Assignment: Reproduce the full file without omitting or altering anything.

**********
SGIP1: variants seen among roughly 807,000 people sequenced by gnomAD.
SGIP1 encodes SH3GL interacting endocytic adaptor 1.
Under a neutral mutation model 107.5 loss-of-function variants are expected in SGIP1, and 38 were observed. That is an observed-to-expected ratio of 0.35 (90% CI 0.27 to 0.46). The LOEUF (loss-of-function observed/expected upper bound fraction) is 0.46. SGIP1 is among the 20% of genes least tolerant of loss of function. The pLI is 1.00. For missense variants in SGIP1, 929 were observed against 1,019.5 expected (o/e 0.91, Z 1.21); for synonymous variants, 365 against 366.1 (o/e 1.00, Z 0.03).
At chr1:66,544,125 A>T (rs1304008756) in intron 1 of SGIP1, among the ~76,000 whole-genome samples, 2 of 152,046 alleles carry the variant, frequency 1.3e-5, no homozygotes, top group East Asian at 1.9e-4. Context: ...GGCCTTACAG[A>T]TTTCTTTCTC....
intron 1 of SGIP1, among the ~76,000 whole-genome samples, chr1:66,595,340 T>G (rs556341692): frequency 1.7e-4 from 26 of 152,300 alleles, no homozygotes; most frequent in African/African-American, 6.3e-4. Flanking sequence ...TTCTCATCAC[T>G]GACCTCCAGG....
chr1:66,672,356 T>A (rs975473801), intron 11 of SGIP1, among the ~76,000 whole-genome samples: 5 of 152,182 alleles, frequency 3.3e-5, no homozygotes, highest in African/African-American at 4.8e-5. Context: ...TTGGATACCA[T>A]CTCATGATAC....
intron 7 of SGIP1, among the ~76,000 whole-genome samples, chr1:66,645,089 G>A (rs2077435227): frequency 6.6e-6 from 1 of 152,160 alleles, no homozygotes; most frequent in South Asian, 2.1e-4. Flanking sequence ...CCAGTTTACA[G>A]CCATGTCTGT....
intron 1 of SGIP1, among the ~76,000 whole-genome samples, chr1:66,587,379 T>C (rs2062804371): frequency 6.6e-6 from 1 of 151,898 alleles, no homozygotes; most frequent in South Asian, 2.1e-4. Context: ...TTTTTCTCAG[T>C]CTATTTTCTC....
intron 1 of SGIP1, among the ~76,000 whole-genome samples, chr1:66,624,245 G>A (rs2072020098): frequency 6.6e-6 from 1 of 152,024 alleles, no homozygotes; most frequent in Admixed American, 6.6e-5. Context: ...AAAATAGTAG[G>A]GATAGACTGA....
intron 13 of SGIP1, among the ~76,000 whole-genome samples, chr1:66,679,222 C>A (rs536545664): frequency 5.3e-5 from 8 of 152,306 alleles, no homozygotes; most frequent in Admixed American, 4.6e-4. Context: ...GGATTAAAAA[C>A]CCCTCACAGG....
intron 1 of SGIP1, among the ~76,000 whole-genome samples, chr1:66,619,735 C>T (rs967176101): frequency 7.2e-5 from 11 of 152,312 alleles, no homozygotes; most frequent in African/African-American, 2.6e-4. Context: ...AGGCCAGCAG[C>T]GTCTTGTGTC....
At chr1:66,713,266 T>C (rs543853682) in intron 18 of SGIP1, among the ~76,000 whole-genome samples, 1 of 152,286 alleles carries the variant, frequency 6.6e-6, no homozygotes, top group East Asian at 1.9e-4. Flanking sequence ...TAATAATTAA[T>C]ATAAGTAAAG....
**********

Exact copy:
SGIP1: variants seen among roughly 807,000 people sequenced by gnomAD.
SGIP1 encodes SH3GL interacting endocytic adaptor 1.
Under a neutral mutation model 107.5 loss-of-function variants are expected in SGIP1, and 38 were observed. That is an observed-to-expected ratio of 0.35 (90% CI 0.27 to 0.46). The LOEUF (loss-of-function observed/expected upper bound fraction) is 0.46. SGIP1 is among the 20% of genes least tolerant of loss of function. The pLI is 1.00. For missense variants in SGIP1, 929 were observed against 1,019.5 expected (o/e 0.91, Z 1.21); for synonymous variants, 365 against 366.1 (o/e 1.00, Z 0.03).
At chr1:66,544,125 A>T (rs1304008756) in intron 1 of SGIP1, among the ~76,000 whole-genome samples, 2 of 152,046 alleles carry the variant, frequency 1.3e-5, no homozygotes, top group East Asian at 1.9e-4. Context: ...GGCCTTACAG[A>T]TTTCTTTCTC....
intron 1 of SGIP1, among the ~76,000 whole-genome samples, chr1:66,595,340 T>G (rs556341692): frequency 1.7e-4 from 26 of 152,300 alleles, no homozygotes; most frequent in African/African-American, 6.3e-4. Flanking sequence ...TTCTCATCAC[T>G]GACCTCCAGG....
chr1:66,672,356 T>A (rs975473801), intron 11 of SGIP1, among the ~76,000 whole-genome samples: 5 of 152,182 alleles, frequency 3.3e-5, no homozygotes, highest in African/African-American at 4.8e-5. Context: ...TTGGATACCA[T>A]CTCATGATAC....
intron 7 of SGIP1, among the ~76,000 whole-genome samples, chr1:66,645,089 G>A (rs2077435227): frequency 6.6e-6 from 1 of 152,160 alleles, no homozygotes; most frequent in South Asian, 2.1e-4. Flanking sequence ...CCAGTTTACA[G>A]CCATGTCTGT....
intron 1 of SGIP1, among the ~76,000 whole-genome samples, chr1:66,587,379 T>C (rs2062804371): frequency 6.6e-6 from 1 of 151,898 alleles, no homozygotes; most frequent in South Asian, 2.1e-4. Context: ...TTTTTCTCAG[T>C]CTATTTTCTC....
intron 1 of SGIP1, among the ~76,000 whole-genome samples, chr1:66,624,245 G>A (rs2072020098): frequency 6.6e-6 from 1 of 152,024 alleles, no homozygotes; most frequent in Admixed American, 6.6e-5. Context: ...AAAATAGTAG[G>A]GATAGACTGA....
intron 13 of SGIP1, among the ~76,000 whole-genome samples, chr1:66,679,222 C>A (rs536545664): frequency 5.3e-5 from 8 of 152,306 alleles, no homozygotes; most frequent in Admixed American, 4.6e-4. Context: ...GGATTAAAAA[C>A]CCCTCACAGG....
intron 1 of SGIP1, among the ~76,000 whole-genome samples, chr1:66,619,735 C>T (rs967176101): frequency 7.2e-5 from 11 of 152,312 alleles, no homozygotes; most frequent in African/African-American, 2.6e-4. Context: ...AGGCCAGCAG[C>T]GTCTTGTGTC....
At chr1:66,713,266 T>C (rs543853682) in intron 18 of SGIP1, among the ~76,000 whole-genome samples, 1 of 152,286 alleles carries the variant, frequency 6.6e-6, no homozygotes, top group East Asian at 1.9e-4. Flanking sequence ...TAATAATTAA[T>C]ATAAGTAAAG....